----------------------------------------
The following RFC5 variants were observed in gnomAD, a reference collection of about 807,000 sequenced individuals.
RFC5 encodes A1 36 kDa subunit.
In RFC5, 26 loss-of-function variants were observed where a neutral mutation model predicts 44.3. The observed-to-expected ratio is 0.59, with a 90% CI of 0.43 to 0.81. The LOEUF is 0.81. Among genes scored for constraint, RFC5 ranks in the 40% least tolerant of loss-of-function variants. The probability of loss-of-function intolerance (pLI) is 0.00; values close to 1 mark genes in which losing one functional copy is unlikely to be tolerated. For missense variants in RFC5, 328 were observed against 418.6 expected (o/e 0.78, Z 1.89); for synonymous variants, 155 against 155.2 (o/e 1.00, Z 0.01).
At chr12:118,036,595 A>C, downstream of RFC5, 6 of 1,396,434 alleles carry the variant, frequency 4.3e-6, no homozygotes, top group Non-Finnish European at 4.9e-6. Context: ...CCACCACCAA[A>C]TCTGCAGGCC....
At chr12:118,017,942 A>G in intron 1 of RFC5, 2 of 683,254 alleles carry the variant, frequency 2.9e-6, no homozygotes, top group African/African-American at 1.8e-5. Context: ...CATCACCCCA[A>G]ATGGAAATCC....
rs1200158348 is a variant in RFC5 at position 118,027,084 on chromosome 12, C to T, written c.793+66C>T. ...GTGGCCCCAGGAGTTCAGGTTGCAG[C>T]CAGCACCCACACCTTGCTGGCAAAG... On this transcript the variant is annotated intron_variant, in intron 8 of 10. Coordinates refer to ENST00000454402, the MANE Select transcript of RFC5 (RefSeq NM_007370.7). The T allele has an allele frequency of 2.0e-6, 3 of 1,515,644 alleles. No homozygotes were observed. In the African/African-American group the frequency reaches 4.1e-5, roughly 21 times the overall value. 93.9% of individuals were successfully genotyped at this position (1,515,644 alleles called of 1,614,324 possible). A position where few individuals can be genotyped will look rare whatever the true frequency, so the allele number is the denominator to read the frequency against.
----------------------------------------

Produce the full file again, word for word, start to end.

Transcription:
The following RFC5 variants were observed in gnomAD, a reference collection of about 807,000 sequenced individuals.
RFC5 encodes A1 36 kDa subunit.
In RFC5, 26 loss-of-function variants were observed where a neutral mutation model predicts 44.3. The observed-to-expected ratio is 0.59, with a 90% CI of 0.43 to 0.81. The LOEUF is 0.81. Among genes scored for constraint, RFC5 ranks in the 40% least tolerant of loss-of-function variants. The probability of loss-of-function intolerance (pLI) is 0.00; values close to 1 mark genes in which losing one functional copy is unlikely to be tolerated. For missense variants in RFC5, 328 were observed against 418.6 expected (o/e 0.78, Z 1.89); for synonymous variants, 155 against 155.2 (o/e 1.00, Z 0.01).
At chr12:118,036,595 A>C, downstream of RFC5, 6 of 1,396,434 alleles carry the variant, frequency 4.3e-6, no homozygotes, top group Non-Finnish European at 4.9e-6. Context: ...CCACCACCAA[A>C]TCTGCAGGCC....
At chr12:118,017,942 A>G in intron 1 of RFC5, 2 of 683,254 alleles carry the variant, frequency 2.9e-6, no homozygotes, top group African/African-American at 1.8e-5. Context: ...CATCACCCCA[A>G]ATGGAAATCC....
rs1200158348 is a variant in RFC5 at position 118,027,084 on chromosome 12, C to T, written c.793+66C>T. ...GTGGCCCCAGGAGTTCAGGTTGCAG[C>T]CAGCACCCACACCTTGCTGGCAAAG... On this transcript the variant is annotated intron_variant, in intron 8 of 10. Coordinates refer to ENST00000454402, the MANE Select transcript of RFC5 (RefSeq NM_007370.7). The T allele has an allele frequency of 2.0e-6, 3 of 1,515,644 alleles. No homozygotes were observed. In the African/African-American group the frequency reaches 4.1e-5, roughly 21 times the overall value. 93.9% of individuals were successfully genotyped at this position (1,515,644 alleles called of 1,614,324 possible). A position where few individuals can be genotyped will look rare whatever the true frequency, so the allele number is the denominator to read the frequency against.